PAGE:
Columbine. Heath. Marshall County. Newtown. Parkland.

Locations forever seared into Americans’ minds after school shootings there and elsewhere in the country scarred those towns.

Scott County law enforcement and first responder agencies conducted a training exercise at Scott County High School Tuesday to prepare and try to keep Scott County off that list.

The Georgetown Police Department coordinated the training that included the Scott County Sheriff’s Office, Georgetown/Scott County EMS and EMA/OHS, area fire departments, the FBI and others, and discussed how to prevent school shootings and showed the documentary “Echoes of Columbine.” Afterwards, T.J. Hanna, supervisory special agent at the FBI office in Lexington, talked about what the crucial identifiers are to try and prevent mass shootings in schools.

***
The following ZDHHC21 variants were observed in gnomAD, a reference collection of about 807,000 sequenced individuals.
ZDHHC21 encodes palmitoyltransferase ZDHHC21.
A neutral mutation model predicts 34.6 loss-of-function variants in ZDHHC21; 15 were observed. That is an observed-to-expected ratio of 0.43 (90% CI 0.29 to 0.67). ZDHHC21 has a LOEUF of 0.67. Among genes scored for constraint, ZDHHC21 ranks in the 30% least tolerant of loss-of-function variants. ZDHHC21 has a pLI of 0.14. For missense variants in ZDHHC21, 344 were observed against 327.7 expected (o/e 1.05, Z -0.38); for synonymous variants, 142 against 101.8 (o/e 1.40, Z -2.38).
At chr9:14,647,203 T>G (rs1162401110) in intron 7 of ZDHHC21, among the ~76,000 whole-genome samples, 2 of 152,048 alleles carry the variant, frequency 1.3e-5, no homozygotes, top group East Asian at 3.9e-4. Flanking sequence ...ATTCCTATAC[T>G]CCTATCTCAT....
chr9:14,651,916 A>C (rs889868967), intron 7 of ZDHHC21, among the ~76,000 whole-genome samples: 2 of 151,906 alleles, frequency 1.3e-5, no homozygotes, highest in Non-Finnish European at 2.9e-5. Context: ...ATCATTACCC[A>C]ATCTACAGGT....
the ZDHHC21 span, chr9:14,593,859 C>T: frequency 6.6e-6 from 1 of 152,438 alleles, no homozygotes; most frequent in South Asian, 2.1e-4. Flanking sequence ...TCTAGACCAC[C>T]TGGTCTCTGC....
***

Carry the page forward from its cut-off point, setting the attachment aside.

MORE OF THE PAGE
“The FBI understands the importance of identifying active shooters before they happen,” he said. “We don’t want to first find out about an individual the minute they come through the door with a firearm intending to do harm to our kids, teachers or community. So our effort is to push to identify these folks before it happens.”

People can call or email the National Threat Operations Center to report what they have seen or heard someone say that could lead to violence, Hanna said.

“We have an obligation to look into every single one of these calls. We have to identify, look through and determine if they are a real threat,” he said.

“For a school system or anywhere that is viewed as a soft target to those individuals wanting to do harm, the first time you think about how you would react to an active shooter is not when you are first confronted with the threat.

“This effort encourages local enforcement and first responders to talk to local schools so that when that bad thing is happening that isn’t the first time you have talked about it.”

Hanna also said schools are encouraged to set up threat teams with local law enforcement.